Marketing plus security equals profit - Disney's anti-counterfeiting strategy

The business of security is business. Disney showed how it is possible to take a counterfeit product problem into a business opportunity. It is a possibility we should all be looking for.

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The "fun" part of security is usually the attack. Figuring out how to break in, break through, or slide around a security system. The defense side seems to be a endless slog: ever uglier passwords, annoying lines at airports, and endless expenses that feel futile.

So, its fun when the security guys (or gals) do something fun. And make some money.

Of course, it would be Disney.

"Piracy, in China?"

In 2006, Disney had a problem. Their licensed products were being counterfeited on a massive scale. They were losing money and junk products were damaging their reputation. Even worse, licensed products were virtually the only viable product for Disney to sell in China. Videos were pirated and most TV programming and movies were not allowed.

Most companies would go after the bad guys.

What Disney did instead was reward the good ones.

Security Judo

Disney saw its customers as the solution, not the problem.

Their goal was to maximize revenue, not punish pirates.

So, they started a marketing campaign.

Disney put holographic tags on all of their legitimate products and announced a promotion. Customers could fill out an entry form and provide the holographic "proof of purchase" label for the chance to win big prizes.

It worked beautifully.

Instead of customers looking for the cheapest Disney products (legitimate or not), they now were part of the anti-piracy strategy:

  • Fake products = No prizes... created a positive incentive for consumers to buy real Disney products. WIN
  • Incentive to report phoney products. Consumers reported retailers who sold bogus products to Disney. WIN
  • Intelligence on pirates. When consumers provided their proof-of-purchase labels, Disney was given ongoing intelligence on the capabilities of the pirates and where their products were being sold. WIN

Even better, Disney built a mail list of over 250,000 customers within 3 weeks and probably some extra sales too.

While the final effect on piracy is unknown, the program paid for itself. More legitimate products sold. Direct relationship opened with a quarter of a million customers.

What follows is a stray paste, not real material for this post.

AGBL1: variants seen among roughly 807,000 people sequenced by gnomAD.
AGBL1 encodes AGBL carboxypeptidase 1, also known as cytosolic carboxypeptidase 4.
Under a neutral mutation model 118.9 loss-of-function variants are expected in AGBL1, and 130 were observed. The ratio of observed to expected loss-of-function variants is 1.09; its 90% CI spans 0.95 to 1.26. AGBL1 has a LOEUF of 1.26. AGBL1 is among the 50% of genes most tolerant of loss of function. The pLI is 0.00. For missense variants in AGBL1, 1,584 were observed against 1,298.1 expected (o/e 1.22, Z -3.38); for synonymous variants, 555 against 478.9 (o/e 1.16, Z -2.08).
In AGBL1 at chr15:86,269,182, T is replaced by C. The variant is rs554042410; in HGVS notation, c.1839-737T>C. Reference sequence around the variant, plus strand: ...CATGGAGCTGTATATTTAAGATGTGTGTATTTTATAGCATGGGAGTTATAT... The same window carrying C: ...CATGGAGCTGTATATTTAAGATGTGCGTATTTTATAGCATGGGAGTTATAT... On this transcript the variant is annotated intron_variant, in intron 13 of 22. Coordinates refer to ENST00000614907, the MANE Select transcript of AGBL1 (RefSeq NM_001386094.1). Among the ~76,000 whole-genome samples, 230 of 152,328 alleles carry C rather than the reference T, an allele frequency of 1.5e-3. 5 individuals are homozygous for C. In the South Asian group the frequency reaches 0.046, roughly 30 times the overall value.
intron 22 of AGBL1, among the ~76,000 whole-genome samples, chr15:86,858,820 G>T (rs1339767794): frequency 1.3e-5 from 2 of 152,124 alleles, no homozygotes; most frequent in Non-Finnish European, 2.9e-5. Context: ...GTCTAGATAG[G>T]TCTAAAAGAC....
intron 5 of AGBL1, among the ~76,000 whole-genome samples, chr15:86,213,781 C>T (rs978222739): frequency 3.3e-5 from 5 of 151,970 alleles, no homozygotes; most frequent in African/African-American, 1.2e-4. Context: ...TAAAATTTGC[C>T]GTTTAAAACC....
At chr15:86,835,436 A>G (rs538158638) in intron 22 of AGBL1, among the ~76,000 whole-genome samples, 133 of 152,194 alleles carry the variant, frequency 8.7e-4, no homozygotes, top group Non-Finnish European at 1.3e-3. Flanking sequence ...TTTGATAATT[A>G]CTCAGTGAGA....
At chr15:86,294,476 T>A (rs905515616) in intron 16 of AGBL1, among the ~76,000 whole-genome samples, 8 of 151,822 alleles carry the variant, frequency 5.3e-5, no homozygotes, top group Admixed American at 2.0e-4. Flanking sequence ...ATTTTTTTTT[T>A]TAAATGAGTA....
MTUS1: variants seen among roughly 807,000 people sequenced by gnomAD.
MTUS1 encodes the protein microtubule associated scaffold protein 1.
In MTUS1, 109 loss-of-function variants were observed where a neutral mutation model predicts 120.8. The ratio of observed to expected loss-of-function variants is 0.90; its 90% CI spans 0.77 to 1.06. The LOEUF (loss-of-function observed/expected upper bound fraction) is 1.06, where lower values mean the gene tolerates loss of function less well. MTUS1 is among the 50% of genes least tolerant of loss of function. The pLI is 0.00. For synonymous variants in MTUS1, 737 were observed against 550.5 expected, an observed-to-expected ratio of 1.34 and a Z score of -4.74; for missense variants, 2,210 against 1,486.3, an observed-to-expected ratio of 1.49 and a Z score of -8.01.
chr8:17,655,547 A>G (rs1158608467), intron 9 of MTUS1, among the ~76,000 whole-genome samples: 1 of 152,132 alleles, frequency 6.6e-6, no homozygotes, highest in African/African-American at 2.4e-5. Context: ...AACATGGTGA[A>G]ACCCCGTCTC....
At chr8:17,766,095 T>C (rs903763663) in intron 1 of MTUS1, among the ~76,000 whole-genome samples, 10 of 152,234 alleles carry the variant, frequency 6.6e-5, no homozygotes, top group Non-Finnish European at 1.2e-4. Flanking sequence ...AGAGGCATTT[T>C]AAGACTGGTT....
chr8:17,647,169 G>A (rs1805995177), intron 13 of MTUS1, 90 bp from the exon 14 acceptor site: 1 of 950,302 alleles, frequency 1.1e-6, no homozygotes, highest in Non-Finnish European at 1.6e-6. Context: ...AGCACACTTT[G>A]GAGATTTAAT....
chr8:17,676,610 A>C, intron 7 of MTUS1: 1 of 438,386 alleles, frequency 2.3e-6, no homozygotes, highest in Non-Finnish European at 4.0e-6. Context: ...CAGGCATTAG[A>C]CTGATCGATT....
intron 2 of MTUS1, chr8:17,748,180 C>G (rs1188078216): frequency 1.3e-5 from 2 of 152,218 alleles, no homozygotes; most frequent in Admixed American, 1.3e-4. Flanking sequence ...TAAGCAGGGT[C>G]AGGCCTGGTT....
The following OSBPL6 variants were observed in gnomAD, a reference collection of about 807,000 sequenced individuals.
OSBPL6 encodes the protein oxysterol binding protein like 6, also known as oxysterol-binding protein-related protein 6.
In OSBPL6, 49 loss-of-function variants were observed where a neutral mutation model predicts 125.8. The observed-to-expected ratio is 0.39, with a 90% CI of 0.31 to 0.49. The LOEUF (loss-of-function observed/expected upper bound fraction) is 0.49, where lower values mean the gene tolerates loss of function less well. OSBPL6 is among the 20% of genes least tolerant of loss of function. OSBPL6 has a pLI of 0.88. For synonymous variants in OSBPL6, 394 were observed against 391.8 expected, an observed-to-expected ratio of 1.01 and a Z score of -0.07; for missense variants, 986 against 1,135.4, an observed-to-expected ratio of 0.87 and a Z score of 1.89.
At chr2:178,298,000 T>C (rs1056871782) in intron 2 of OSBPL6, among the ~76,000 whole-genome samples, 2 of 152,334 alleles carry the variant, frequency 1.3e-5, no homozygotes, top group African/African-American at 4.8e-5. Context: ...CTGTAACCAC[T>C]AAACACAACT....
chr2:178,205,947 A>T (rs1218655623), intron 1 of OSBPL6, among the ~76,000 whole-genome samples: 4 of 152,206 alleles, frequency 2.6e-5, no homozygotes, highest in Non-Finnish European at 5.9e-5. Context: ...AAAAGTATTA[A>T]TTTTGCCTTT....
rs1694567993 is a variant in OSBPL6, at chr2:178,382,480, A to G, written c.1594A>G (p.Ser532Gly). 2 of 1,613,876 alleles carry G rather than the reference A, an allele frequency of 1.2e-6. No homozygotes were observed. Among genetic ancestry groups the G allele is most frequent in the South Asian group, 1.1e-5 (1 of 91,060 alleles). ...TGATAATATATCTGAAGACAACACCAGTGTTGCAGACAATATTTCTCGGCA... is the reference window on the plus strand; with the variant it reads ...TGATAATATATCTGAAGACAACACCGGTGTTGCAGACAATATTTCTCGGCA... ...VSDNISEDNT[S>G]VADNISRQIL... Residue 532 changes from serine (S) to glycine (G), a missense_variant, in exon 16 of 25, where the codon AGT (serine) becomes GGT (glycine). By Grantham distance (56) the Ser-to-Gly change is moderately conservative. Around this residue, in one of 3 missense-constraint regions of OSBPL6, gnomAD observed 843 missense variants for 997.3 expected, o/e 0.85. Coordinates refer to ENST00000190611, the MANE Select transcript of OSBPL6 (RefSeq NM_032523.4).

How many times do security programs run at break-even or a a profit?

Embedding security

Too many security professionals and business leaders think of security as an IT niche. It isn't. Security is a basic business discipline. If Disney had focused on "fighting counterfeiters" instead of maximizing revenue and business opportunity, it would have come up with a very different approach.

I find it funny and sad to hear about trying to train security people to talk with C-suite executives. Real success in security can only come from being deeply embedded in the business, culture and people you are working with.

When I worked at NSA as a security analyst, I was an anomaly:

I wore a coat and tie. Every day.


I went to meetings with contractors and customers all the time. Instead of sitting in my office reading the contract required security documents, I met the people and understood their work.

If there was a meeting, I went. Even if security wasn't on the agenda.

This made a huge difference.

I learned their business and what they cared about.

Too often, security professionals act as if "security" exists separately from a business. (I think this is a variation of the affliction that some IT people have about "IT").

It's totally bogus.

We say that "you need to build security in from the beginning", yet we refuse to show up to those early meetings... or stay for the bits that aren't on security.

Too often in security, we confuse handling a security "problem" with supporting the business.

On the other hand, sometimes a business will add a "feature" that offers minimal benefit to the company or its customers but creates a massive security risk. The recent OPM breach is a good example (a topic for a future post, perhaps).

As far as I'm concerned, security professionals need to understand their business and project at least as well as anyone else working on it. Only then can you provide useful security guidance in a timely fashion. This is true of everyone, from the greenest security analyst to the CISO or CSO. Only then are you practicing real business security.

Do you have any good examples of business and security working together?

What have you done to reach out to your business colleagues?

Share them in the comments below or email me directly.

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